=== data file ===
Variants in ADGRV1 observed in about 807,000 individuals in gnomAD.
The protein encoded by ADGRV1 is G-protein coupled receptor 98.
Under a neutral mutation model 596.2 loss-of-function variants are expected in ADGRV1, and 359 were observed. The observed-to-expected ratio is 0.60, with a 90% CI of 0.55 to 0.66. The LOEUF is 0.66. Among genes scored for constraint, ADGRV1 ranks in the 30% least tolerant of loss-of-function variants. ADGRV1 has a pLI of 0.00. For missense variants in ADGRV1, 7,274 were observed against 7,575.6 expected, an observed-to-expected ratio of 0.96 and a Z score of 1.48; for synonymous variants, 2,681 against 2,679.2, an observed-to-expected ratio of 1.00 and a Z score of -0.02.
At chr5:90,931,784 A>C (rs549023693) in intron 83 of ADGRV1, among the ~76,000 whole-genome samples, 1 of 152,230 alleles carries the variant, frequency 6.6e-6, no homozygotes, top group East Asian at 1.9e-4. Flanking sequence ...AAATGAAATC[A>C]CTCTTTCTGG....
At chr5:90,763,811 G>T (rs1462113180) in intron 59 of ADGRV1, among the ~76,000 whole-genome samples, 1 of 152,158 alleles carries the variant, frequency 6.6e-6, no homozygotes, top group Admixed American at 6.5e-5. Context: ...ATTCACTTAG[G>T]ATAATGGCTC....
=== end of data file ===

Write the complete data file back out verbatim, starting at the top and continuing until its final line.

Variants in ADGRV1 observed in about 807,000 individuals in gnomAD.
The protein encoded by ADGRV1 is G-protein coupled receptor 98.
Under a neutral mutation model 596.2 loss-of-function variants are expected in ADGRV1, and 359 were observed. The observed-to-expected ratio is 0.60, with a 90% CI of 0.55 to 0.66. The LOEUF is 0.66. Among genes scored for constraint, ADGRV1 ranks in the 30% least tolerant of loss-of-function variants. ADGRV1 has a pLI of 0.00. For missense variants in ADGRV1, 7,274 were observed against 7,575.6 expected, an observed-to-expected ratio of 0.96 and a Z score of 1.48; for synonymous variants, 2,681 against 2,679.2, an observed-to-expected ratio of 1.00 and a Z score of -0.02.
At chr5:90,931,784 A>C (rs549023693) in intron 83 of ADGRV1, among the ~76,000 whole-genome samples, 1 of 152,230 alleles carries the variant, frequency 6.6e-6, no homozygotes, top group East Asian at 1.9e-4. Flanking sequence ...AAATGAAATC[A>C]CTCTTTCTGG....
At chr5:90,763,811 G>T (rs1462113180) in intron 59 of ADGRV1, among the ~76,000 whole-genome samples, 1 of 152,158 alleles carries the variant, frequency 6.6e-6, no homozygotes, top group Admixed American at 6.5e-5. Context: ...ATTCACTTAG[G>T]ATAATGGCTC....